Kayaking the 7 Local Caverns of San Diego

Love adventure? Love kayaking? Then taking a trip to La Jolla, San Diego for some exceptional cavern kayaking is a must! The long shoreline and tall sea cliffs are just part of the allure of La Jolla, where the weather is always warm and the people are always welcoming. There’s a total of seven caverns to explore during the guided cave tours in gorgeous La Jolla, a place famous for its Ecological Reserve that offers visitors a fun and educational encounter with local marine life.

7 Local Caverns

Kayaking through La Jolla Sea Caverns is available only using a professional tour guide. Certified tour guides will take you on this super fun kayaking tour of La Jolla’s 7 sea caverns, which means you also get to learn about the local marine life while you paddle your kayak through the caverns. The microhabitats found here are quite unique, making this kayaking adventure one that simply is quite like no other.

Whether you’ve kayaked before or not quite sure what a kayak even looks like, you’re sure to enjoy this fun and exciting kayaking adventure!


  1. Clam Cavern. Clam cavern is a calmer cave that has lots of entrances, making this westernmost cave quite popular for kayakers as well as snorkelers.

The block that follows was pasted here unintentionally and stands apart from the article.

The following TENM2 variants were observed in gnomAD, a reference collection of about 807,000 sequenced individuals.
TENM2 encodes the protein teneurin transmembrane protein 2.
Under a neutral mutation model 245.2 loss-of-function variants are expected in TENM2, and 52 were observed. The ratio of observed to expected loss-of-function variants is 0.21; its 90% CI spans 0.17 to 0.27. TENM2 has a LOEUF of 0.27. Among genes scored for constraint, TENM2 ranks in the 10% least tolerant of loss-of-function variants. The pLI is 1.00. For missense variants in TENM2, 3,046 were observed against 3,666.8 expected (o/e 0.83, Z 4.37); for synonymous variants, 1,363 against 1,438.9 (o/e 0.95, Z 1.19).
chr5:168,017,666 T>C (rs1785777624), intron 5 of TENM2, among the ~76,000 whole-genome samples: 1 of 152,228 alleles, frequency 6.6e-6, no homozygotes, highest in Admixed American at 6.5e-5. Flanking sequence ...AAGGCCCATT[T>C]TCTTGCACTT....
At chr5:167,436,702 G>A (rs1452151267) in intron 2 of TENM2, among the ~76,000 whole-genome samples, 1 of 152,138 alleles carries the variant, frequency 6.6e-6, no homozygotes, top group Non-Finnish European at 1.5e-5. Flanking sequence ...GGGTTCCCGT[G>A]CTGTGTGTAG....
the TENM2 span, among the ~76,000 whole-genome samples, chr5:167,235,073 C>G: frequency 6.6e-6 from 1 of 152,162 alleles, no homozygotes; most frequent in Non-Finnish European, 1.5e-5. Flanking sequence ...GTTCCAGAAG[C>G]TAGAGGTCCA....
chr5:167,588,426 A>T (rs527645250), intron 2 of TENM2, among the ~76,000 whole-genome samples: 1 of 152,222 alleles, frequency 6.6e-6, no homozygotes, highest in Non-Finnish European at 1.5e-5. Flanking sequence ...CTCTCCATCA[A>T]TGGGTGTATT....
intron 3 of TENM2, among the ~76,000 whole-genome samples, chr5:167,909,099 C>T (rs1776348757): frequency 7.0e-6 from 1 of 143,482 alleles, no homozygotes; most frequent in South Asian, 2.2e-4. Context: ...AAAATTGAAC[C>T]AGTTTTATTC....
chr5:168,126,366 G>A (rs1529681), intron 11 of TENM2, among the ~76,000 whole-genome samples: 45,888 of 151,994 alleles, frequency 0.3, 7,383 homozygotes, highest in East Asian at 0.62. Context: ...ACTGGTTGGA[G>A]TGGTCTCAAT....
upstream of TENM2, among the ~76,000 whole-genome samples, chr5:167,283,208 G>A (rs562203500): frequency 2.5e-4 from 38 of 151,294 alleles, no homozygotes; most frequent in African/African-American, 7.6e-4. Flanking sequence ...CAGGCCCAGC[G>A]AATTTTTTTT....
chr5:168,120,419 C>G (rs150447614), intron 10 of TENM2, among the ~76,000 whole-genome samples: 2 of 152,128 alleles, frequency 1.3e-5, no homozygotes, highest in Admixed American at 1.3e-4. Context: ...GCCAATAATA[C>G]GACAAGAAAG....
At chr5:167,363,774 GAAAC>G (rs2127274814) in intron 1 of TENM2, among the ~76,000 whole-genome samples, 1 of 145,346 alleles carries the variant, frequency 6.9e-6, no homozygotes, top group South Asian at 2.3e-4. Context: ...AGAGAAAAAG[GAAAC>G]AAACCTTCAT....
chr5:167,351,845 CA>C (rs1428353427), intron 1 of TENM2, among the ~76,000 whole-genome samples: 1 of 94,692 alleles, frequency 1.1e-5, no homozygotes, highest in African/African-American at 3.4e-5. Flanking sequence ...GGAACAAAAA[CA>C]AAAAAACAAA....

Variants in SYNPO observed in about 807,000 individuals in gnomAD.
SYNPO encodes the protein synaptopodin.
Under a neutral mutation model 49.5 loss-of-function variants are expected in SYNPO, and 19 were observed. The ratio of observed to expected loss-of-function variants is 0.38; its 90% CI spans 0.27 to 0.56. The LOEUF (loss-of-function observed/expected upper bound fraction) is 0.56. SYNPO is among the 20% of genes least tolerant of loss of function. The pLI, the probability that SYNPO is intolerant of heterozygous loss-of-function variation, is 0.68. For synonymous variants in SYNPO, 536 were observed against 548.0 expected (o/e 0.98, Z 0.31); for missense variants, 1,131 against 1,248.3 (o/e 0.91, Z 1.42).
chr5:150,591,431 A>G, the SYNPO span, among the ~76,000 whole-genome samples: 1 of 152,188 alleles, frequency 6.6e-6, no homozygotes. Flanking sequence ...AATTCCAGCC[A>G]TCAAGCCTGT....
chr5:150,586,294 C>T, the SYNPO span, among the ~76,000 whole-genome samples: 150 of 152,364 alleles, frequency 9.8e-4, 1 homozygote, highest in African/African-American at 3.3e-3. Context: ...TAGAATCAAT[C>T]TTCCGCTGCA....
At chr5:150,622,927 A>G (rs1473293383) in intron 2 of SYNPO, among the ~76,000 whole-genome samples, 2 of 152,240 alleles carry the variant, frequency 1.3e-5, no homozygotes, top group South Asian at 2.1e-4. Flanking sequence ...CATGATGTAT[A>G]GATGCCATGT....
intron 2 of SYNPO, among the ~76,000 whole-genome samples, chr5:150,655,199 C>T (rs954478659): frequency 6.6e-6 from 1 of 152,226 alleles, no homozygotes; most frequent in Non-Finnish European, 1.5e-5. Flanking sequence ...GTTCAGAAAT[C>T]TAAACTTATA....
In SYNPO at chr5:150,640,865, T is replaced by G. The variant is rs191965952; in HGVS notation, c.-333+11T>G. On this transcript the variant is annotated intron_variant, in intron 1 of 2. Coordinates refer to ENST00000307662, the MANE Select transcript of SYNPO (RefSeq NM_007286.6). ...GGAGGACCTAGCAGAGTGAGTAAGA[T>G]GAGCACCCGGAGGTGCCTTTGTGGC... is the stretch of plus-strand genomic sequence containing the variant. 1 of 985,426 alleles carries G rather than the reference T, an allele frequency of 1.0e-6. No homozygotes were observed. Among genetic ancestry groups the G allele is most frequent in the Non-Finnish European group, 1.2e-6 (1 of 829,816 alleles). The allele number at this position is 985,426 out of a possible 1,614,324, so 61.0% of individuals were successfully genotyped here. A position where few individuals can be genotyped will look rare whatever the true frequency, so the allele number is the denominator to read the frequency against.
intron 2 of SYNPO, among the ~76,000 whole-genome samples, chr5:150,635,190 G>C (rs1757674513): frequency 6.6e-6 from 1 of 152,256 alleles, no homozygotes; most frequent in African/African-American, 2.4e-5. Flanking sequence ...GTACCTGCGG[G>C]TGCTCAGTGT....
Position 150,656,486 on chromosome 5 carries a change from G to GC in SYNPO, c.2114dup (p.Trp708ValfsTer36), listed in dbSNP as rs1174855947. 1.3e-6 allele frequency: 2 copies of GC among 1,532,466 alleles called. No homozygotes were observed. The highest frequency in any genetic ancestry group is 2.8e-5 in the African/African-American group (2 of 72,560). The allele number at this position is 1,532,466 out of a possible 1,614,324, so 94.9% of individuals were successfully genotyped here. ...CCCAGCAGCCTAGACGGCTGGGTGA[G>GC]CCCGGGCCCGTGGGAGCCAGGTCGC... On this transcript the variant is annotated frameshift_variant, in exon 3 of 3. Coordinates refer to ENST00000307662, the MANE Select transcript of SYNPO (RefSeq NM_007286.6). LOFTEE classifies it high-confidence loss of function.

1. Sunny Jim’s. This local cavern is the most utilized and thus the most famous, which is mainly due to the fact that it offers visitors access via land and sea. The land access requires visitors to walk down 138 steps in order to access the cave.


  1. Arch Cavern. Available for kayaking only during the summer months, the Arch Cavern is a shallow water cavern that gets its name due to the shape of the rock formation in front of the cavern.


  1. Shopping Cart Cavern. The west facing Shopping Cart Cavern is often recognized for its ability to attract lobsters. Local restaurants used to be able to set traps inside the area to sell as a local delicacy, but now must set traps outside the area due to its new predominance as an ecological reserve area.


  1. White Lady Cavern. This cavern is named in memory of a bride who was lost at sea when a tide came in and swept her away, never to be found again.


  1. Little Sister Cavern. Located next to the White Lady Cavern, the Little Sister Cavern is the smallest cavern. Because this small cavern can be difficult to find those new to kayaking will benefit from having an experienced guide by their side.


  1. Rose Canyon Fault Line Cavern. Located just east of the White Lady Cavern, visitors are able to visit the Rose Canyon Fault Line Cavern and see an exposed fault line close up, which travels all the way through to downtown San Diego.

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